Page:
Initiated in 1981, loyalty programs were introduced by American Airlines in response to competitive pressure following the deregulation of the air transport industry. By and large, the intricacy as well as the competitiveness of the contemporary world means that consumers are offered with an amazing range of options for just every business deal. Apparently, the number of first-rate competitors even in alcove sectors is astounding. As a result of this kind of competition, the consumers are left with too much choice, considering the total size, variety and myriads of opportunities that present themselves.
In most cases, loyalty programs are simply viewed as mechanisms to mine data. This means that the main purposes of the programs tend to be masked by the regular hunt for more comprehensive information (Deighton & Shoemaker, 2005). As a result, a number of the programs are placed in great dilemmas. Usually, the hotels involved in loyalty wars require clients’ details. This goes a long way in assisting them to provide personal pertinent reward programs that the guests anticipate. However, this quest for more information is likely to be miscomprehended.
In this regard, the solution lies in the fact that the Hilton Honors program ought to remain in the background as part of a large experience of a client’s stay at a Hilton Hotel. Moreover, research has constantly indicated that customer satisfaction does not quite have the effect on customer loyalty as it was thought previously.
As a matter of fact, the top customer segment, business travelers, depicts the least amount of loyalty of all travelers. This is a clear indication that a customer does not simply come back because of being satisfied with the service. As a matter of fact, it was noted that the leading factor that engages the loyalty of clients is the amenities provided as well as the designs of the hotel.
The loyalty programs provided by the competing hotels are somewhat different in one way or the other. For instance, in the membership offering for the major business class hotel chains in 1998, the offers were varied (Deighton & Shoemaker, 2005). For instance, Starwood gave membership restrictions of one stay per year to remain active. This was the basic offer, which would earn a guest two Star points equivalent to $1. On the other hand ten stays or twenty five room nights annually earned a guest a medium stay (Deighton & Shoemaker, 2005).
The Hilton programs furthermore offers a guest one stay per year to stay active-Blue (Deighton & Shoemaker, 2005). Four stays in a year would earn a medium, resulting in 50% bonus points earned. In addition to earning the points, a guest was entitled to 500 qualifying stay in addition to earning the points (Deighton & Shoemaker, 2005).
Hilton Hotel Program Justifies Its Costs
The Hilton Hotel program seeks to differentiate its loyalty program by ensuring that it is an element of larger rational value design. It is first projected to the customer before it is expected to return in the form of repeated visits. By and large, it is displayed to the member of the HHonors as exceptional relations with the clients (Deighton & Shoemaker, 2005).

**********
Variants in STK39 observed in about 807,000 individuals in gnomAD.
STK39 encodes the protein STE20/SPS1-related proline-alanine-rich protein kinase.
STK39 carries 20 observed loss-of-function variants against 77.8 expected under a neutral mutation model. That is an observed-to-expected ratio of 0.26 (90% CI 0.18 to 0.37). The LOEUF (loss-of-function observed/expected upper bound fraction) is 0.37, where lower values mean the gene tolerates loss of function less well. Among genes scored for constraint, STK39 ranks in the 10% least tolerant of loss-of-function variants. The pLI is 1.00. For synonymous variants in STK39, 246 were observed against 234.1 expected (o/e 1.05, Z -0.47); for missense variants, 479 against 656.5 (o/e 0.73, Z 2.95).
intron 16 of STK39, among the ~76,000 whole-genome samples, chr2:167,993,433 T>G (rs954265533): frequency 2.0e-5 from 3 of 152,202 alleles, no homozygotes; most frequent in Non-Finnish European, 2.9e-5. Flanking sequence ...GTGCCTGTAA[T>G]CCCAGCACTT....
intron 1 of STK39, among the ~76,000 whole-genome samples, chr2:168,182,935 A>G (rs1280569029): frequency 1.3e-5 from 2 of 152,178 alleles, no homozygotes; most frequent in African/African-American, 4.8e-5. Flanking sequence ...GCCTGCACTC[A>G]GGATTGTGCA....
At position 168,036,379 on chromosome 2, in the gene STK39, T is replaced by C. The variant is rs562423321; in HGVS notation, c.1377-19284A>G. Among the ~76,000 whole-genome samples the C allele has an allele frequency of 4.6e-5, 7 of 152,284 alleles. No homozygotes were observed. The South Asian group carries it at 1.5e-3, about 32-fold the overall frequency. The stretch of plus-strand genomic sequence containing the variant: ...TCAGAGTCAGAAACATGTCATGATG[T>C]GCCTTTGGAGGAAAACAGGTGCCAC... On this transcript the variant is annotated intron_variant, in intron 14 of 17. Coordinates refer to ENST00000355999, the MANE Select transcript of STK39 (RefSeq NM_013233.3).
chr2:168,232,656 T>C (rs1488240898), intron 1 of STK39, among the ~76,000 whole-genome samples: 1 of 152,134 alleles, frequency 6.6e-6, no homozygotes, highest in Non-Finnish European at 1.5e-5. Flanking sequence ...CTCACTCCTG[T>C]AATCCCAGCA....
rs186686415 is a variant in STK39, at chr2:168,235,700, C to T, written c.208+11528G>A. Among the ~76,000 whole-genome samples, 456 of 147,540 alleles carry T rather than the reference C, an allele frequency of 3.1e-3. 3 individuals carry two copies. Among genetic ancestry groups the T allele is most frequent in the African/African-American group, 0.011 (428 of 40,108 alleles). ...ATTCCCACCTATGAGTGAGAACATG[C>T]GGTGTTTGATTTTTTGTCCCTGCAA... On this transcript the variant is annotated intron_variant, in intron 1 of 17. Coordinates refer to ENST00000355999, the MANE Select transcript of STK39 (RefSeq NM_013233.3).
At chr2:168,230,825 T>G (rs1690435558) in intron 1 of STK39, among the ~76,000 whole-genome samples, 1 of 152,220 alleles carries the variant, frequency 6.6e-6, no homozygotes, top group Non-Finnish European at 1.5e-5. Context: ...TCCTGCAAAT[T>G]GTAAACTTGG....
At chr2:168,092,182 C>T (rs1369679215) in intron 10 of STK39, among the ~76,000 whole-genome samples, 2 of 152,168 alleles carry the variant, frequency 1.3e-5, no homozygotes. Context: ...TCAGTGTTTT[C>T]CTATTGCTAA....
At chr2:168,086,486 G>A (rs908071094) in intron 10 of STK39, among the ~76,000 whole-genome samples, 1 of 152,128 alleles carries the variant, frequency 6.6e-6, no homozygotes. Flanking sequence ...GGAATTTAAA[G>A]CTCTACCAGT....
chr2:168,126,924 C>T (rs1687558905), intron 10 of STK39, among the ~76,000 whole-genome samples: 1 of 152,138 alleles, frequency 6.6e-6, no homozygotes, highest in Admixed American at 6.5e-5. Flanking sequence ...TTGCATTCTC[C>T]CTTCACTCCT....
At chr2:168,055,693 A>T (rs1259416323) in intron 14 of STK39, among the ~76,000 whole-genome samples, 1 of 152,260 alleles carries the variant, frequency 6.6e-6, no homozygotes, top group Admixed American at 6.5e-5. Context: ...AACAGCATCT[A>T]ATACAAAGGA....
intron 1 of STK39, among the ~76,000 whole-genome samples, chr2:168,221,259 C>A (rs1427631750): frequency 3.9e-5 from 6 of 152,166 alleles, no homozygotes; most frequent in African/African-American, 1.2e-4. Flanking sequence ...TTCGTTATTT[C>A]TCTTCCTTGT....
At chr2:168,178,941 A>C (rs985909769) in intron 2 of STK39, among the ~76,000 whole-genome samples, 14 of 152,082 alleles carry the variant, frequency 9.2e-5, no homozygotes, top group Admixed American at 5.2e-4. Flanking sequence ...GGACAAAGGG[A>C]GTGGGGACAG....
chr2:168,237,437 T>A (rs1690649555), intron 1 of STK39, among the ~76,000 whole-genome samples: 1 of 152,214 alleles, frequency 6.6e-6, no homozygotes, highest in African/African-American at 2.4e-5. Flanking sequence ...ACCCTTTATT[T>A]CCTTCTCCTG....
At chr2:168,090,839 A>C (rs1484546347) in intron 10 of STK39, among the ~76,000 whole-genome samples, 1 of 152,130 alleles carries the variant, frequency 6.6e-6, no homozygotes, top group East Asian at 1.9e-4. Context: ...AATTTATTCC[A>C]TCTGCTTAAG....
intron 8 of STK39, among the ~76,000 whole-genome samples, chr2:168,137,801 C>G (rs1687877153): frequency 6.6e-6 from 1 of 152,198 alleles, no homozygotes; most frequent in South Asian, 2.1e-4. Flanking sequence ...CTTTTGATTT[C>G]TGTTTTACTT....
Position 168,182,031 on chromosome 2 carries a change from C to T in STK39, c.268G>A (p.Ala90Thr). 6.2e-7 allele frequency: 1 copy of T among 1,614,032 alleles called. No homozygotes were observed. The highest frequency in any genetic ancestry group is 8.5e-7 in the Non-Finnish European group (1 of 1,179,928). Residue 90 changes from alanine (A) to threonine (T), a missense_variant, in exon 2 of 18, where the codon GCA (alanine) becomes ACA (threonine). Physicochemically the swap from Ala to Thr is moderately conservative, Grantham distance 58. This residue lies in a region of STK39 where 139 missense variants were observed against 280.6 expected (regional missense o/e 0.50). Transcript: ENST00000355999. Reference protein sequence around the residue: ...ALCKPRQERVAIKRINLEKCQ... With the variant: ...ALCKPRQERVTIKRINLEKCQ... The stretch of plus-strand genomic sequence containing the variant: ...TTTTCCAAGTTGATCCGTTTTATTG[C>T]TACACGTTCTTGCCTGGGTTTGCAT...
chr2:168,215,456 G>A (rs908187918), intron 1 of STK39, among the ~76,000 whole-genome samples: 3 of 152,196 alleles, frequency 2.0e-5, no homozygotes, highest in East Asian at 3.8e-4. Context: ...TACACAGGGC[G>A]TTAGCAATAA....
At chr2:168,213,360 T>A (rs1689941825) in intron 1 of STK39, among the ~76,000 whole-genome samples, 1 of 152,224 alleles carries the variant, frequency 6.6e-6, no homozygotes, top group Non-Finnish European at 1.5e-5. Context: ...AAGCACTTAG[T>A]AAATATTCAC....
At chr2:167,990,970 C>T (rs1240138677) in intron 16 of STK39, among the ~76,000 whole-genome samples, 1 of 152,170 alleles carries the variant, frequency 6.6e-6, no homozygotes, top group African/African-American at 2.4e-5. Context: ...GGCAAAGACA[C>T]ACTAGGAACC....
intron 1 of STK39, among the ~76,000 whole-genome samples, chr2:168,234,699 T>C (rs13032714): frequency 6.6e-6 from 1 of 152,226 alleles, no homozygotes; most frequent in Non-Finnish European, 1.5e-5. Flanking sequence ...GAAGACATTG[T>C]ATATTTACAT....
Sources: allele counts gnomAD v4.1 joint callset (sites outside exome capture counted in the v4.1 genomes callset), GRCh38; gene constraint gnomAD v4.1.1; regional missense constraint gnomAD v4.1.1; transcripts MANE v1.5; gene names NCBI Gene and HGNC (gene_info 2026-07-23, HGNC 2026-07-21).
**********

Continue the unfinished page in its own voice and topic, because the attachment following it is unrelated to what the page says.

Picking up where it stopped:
Additionally, Hilton Hotel product is differentiated from other products by the fact that it provides the personal service that drives loyalty. In many ways, it is competitive with offerings of other hotels. However, it is worth noting that large amounts of resources that are needed to compete on points alone can be directed to the development of other client databases as well as the training of staff.
This would be instrumental in providing customer service that will be the value proposition that drives member loyalty (Deighton & Shoemaker, 2005). Eventually, with the increase in customer knowledge, the Hilton Hotel chain will be in a better position of offering rewards that are tailored to the desires of the clients. This goes a long way in reducing unnecessary dilemmas.
What Starwood is Trying to Do, and How Jeff Diskin Should Respond
The frequent-guest proposal which was declared by Starwood Hotels basically increased the stakes in the loyalty program arena. This resulted in increased costs for all the players in the industry. This is mainly because of the struggle by hotel chains to match or beat their programs. In many ways, this places Hilton Hotel in a major dilemma.
All in all, the best thing that Jeff Diskin should do is to make wider the incentive offerings that can appeal to a bigger segment of the population. Otherwise, the hotel chain stands to lose any product differentiation that it benefits from, in comparison with other hotels (Deighton & Shoemaker, 2005). Additionally, Jeff Diskin should avoid competing in the point for point rewards war, and instead focus on positioning the hotel chain as the best when it comes to the provision of a great experience to the loyalty members. This will go a long way in setting Hilton HHonors apart from Starwood, as well as other competitors.
Additionally, the hotel chain ought to take a fundamental responsibility in coming up with sustained loyalty from each and every member of the reward program. This will go a long way in making the hotel the best choice in the hotel industry.
To sum up, human beings are very multifarious emotional creatures. In this regard, the more intricate, complicated and confusing the variety of alternatives on offer, the more enthusiastic people are to offer their liking and allegiance to particular businesses. Therefore, it is of great importance for business organizations to maximize customer loyalty, since it is a fundamental dynamic effect on business operations. Since if well implemented, it creates a remarkable competitive advantage, improves the morale of personnel and lessens the capital costs.